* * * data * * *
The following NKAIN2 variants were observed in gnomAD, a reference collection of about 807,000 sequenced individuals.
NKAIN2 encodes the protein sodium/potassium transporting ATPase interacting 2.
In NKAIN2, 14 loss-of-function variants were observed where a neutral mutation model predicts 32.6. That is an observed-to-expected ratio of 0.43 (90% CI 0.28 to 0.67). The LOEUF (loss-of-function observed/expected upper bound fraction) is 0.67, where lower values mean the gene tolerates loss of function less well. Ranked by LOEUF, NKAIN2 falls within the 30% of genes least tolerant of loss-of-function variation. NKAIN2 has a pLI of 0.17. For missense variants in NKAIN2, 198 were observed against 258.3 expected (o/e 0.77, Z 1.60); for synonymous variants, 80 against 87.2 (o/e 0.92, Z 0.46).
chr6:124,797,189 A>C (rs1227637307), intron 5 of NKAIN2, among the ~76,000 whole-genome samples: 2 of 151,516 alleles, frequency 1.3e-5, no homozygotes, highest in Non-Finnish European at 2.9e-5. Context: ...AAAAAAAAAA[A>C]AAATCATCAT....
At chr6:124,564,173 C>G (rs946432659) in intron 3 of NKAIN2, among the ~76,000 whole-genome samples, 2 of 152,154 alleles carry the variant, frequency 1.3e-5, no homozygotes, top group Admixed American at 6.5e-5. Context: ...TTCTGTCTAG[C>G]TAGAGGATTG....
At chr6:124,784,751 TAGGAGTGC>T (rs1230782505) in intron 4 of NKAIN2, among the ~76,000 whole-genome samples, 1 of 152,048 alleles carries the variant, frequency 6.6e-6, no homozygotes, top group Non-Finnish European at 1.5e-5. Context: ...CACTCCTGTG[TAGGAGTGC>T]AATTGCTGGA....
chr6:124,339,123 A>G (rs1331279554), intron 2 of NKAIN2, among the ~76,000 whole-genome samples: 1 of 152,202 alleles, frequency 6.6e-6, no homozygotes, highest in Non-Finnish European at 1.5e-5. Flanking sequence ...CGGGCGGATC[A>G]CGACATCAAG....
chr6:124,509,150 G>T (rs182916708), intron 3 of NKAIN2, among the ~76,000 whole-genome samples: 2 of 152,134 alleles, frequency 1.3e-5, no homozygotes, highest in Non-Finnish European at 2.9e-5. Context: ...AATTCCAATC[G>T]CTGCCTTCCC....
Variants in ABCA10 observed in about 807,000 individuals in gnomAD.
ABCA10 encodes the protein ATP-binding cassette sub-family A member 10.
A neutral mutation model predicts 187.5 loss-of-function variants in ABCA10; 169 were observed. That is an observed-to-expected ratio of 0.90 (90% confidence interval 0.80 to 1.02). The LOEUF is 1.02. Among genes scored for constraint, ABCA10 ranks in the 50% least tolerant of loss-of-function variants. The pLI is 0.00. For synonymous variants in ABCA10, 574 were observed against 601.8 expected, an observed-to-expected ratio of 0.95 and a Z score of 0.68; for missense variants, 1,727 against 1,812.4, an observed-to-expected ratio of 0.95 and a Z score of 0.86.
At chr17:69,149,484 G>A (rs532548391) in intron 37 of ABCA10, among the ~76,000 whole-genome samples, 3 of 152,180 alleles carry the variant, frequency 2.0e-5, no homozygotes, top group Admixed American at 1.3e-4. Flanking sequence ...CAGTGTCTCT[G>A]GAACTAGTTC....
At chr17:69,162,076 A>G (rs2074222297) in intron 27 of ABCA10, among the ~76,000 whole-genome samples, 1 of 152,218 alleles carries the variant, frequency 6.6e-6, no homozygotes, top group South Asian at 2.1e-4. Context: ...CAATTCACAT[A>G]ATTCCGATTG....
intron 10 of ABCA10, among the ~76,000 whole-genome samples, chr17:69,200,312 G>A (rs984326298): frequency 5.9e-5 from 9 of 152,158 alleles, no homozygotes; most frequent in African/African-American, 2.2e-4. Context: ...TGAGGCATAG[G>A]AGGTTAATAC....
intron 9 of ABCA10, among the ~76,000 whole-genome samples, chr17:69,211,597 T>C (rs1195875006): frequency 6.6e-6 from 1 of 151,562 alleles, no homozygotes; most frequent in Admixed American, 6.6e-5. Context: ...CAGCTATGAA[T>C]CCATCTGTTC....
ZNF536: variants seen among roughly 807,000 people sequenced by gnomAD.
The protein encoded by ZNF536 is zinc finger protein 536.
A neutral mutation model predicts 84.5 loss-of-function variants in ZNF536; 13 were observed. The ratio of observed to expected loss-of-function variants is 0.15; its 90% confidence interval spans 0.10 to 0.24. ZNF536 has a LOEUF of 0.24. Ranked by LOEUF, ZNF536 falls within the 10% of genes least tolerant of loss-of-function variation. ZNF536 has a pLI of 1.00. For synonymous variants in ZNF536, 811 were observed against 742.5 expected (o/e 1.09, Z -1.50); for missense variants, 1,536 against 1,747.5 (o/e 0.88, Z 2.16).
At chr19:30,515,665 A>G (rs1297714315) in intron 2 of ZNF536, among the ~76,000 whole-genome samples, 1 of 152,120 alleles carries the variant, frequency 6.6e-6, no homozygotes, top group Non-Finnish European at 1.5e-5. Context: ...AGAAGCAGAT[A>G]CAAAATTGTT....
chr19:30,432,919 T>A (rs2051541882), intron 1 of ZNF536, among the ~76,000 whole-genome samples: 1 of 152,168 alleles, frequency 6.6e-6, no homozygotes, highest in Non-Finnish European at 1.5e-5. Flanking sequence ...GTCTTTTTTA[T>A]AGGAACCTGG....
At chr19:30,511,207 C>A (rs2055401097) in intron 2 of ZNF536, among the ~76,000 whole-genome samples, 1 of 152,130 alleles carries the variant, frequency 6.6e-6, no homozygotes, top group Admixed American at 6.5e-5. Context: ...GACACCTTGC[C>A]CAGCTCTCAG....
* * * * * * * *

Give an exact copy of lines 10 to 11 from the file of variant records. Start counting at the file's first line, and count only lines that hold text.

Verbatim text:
ABCA10 encodes the protein ATP-binding cassette sub-family A member 10.
A neutral mutation model predicts 187.5 loss-of-function variants in ABCA10; 169 were observed. That is an observed-to-expected ratio of 0.90 (90% confidence interval 0.80 to 1.02). The LOEUF is 1.02. Among genes scored for constraint, ABCA10 ranks in the 50% least tolerant of loss-of-function variants. The pLI is 0.00. For synonymous variants in ABCA10, 574 were observed against 601.8 expected, an observed-to-expected ratio of 0.95 and a Z score of 0.68; for missense variants, 1,727 against 1,812.4, an observed-to-expected ratio of 0.95 and a Z score of 0.86.